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Have students explain why mosquitoes do not develop resistance to being
killed by a chemical called DDT.
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Ask students to analyze the role of genetic drift in explaining speciation.
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Ask students to hypothesize about the cockroaches remained virtually
unchanged for millions of years.
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Ask students to explain what conditions must be necessary for humans to
speciate.
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Ask students to explain if a complete reliance on computers to calculate
everyday tasks would lead to populations of people with smaller brains.
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Evaluation
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Ask students to describe how a plant can speciate in one generation
without undergoing changes in chromosome number.
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Ask students debate the value of selective breeding in agricultural
animals.
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Ask students to evaluate the biological consequences of extinctions
caused by human activity in an environment.
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Ask student assess the accuracy of using protein differences to distinguish
the differences and similarities between two related species.
VISUAL RESOURCES
Prepare slides or transparencies showing additional evidence for evolution: fossils,
homologies, vestigial structures (including hip bones in python pelvis), development and so
forth. Pass around during class actual fossils for students to examine while you describe them,
their age, and where they were found around the world. Have a paleontologist visit your class
and present a short lecturer on the fossil record of plants and animals. Introduce students to
some of the writings of Stephen J. Gould, such as “The Panda’s Thumb.”
Bring several different types of onions, carrots, potatoes, tomatoes, squash or apples to class for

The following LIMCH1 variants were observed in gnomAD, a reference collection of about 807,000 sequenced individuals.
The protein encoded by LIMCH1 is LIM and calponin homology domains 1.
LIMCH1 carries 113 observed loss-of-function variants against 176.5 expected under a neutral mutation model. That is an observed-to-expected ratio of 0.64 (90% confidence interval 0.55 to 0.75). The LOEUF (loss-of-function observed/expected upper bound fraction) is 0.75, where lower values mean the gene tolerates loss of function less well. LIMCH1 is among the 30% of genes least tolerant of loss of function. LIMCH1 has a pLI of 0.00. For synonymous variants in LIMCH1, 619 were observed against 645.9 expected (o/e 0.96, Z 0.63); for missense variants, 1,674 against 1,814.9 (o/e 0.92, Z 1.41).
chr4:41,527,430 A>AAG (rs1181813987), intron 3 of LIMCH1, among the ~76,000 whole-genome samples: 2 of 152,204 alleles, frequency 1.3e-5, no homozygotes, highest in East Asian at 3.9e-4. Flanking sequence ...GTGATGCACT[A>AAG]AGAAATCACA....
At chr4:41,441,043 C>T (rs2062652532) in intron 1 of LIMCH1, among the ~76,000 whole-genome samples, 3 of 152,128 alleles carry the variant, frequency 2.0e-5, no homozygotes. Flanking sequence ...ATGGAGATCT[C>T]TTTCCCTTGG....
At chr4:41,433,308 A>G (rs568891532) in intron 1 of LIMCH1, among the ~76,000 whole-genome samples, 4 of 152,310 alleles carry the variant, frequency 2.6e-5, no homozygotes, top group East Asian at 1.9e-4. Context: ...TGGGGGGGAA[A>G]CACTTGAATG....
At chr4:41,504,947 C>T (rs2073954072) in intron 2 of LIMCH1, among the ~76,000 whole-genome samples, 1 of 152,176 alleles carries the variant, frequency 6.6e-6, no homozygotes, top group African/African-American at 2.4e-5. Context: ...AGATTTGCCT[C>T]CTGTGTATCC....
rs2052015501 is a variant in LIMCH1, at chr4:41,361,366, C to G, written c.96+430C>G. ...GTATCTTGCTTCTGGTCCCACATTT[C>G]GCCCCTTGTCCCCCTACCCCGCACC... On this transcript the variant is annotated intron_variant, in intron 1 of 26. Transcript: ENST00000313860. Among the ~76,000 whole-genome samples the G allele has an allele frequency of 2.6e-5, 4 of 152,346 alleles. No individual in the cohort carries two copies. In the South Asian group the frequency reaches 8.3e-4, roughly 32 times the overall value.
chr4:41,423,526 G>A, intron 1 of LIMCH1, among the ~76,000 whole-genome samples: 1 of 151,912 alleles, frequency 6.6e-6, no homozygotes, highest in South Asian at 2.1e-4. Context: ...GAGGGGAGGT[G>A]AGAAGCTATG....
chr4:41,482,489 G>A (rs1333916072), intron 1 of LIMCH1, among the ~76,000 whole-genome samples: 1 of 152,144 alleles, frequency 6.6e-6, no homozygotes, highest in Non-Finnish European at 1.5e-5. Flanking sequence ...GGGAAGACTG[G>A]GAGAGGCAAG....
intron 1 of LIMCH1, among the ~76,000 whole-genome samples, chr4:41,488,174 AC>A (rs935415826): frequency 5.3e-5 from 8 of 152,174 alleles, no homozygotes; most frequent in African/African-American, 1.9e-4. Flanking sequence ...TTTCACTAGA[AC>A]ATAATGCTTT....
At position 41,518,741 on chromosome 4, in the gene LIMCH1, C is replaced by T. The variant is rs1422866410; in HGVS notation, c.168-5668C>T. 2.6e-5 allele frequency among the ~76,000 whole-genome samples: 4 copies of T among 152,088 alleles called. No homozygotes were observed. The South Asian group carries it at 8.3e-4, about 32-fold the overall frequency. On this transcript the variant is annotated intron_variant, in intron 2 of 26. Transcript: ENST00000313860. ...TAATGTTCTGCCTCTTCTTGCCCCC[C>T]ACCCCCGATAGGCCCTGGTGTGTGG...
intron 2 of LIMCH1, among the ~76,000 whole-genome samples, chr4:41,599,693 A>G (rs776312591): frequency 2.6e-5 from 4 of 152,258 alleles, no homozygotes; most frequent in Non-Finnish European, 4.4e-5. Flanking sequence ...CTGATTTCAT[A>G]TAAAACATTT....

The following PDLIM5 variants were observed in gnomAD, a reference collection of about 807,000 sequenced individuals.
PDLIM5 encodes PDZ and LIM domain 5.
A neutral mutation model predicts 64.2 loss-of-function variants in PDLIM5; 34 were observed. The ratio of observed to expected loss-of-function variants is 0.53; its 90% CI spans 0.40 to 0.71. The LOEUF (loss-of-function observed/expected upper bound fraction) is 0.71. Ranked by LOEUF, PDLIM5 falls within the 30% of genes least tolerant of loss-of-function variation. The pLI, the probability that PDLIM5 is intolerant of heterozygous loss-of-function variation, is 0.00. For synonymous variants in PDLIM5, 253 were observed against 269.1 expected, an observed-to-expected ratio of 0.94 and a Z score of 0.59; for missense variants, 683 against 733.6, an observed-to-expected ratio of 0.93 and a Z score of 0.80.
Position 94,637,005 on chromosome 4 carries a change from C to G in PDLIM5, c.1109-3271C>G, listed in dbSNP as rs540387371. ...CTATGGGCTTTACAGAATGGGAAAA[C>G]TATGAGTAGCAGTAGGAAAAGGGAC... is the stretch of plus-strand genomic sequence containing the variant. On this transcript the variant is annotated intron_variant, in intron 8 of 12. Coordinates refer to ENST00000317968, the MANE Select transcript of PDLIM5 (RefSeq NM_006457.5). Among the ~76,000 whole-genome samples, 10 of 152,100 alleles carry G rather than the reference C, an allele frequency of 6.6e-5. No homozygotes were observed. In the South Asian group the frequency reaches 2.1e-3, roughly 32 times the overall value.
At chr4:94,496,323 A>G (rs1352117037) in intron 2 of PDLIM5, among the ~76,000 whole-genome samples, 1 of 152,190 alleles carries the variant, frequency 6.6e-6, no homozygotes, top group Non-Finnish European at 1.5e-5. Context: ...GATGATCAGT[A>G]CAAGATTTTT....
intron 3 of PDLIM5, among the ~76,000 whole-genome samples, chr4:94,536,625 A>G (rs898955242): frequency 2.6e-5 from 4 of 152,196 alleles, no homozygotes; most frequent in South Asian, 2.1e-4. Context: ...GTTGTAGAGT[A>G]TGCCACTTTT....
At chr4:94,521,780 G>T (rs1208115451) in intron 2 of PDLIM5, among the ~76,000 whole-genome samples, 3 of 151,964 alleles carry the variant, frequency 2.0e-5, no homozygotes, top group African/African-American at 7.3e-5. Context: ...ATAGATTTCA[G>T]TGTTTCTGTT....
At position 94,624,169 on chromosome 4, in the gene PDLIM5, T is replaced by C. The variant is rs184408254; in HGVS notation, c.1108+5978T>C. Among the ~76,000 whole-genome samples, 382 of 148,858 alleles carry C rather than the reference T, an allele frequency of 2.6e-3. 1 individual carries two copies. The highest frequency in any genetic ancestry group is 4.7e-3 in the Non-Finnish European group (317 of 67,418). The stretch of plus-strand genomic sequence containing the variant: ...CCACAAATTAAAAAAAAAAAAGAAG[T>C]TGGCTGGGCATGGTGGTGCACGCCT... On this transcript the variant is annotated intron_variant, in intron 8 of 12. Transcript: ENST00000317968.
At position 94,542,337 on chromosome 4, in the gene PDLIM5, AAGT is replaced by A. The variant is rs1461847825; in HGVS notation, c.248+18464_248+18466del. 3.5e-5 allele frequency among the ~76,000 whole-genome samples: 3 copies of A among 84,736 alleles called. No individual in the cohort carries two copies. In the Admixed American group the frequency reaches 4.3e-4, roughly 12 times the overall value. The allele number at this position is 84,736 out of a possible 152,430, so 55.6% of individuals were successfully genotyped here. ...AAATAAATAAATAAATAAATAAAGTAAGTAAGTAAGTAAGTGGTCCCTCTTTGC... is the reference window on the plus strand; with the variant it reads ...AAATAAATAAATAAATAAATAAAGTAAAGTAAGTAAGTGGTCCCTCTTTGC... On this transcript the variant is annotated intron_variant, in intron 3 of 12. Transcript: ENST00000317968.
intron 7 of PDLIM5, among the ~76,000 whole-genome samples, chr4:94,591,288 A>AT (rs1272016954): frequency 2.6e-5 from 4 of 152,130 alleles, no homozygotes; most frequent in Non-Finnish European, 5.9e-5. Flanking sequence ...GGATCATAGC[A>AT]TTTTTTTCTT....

discussion of artificial selection.
IN-CLASS CONCEPTUAL DEMONSTRATIONS
A. Darwin’s Voyage
Introduction
Misconceptions and a lack of knowledge about Darwin’s voyage on the HMS Beagle are
major hindrances to developing student understanding of evolution. This activity provides a
visual time-line of Darwin’s memorable journey.
Materials
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Computer with live access to Internet
LCD projector attached to computer
Web browser with bookmark for About Darwin Voyage Page at
http://www.aboutdarwin.com/voyage/voyage01.html
Procedure & Inquiry
1. Review the principles of evolution proposed by Darwin.
2. Tell students they will be viewing a history of the Beagle’s voyage.
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3. Go through the history and click on the detailed note pages.
4. Have the class answer questions related to particular parts of the journey and have
students hypothesize on Darwin’s observations as if they were not yet familiar with the
theory of natural selection.
B. Extrapolation Concept Map
Introduction
This fun and fast way to engage students in developing a sense of evolution is to link
evolution to observations seen today. Have the students select relevant examples of natural and
artificial selection in everyday life. The simple click and drag animated concept mapping tool
should be practiced before using in class.
Materials
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Computer with live access to Internet
LCD projector attached to computer
Web browser with bookmark to Michigan State University C-Tool:
http://ctools.msu.edu/ctools/index.html
Chapter outline of book for Chapters 1 through 19 projected on overhead
Procedure & Inquiry
1. Tell students that you would like to do a quick survey of everyday examples of natural
and artificial selection.
2. Then go to the Michigan State University C-Tool and add the concept map terms
“Natural Selection” and “Artificial Selection”. Space out the terms to permit branching.
3. Ask the students to find examples of each. Also ask them to think of any overlapping
examples.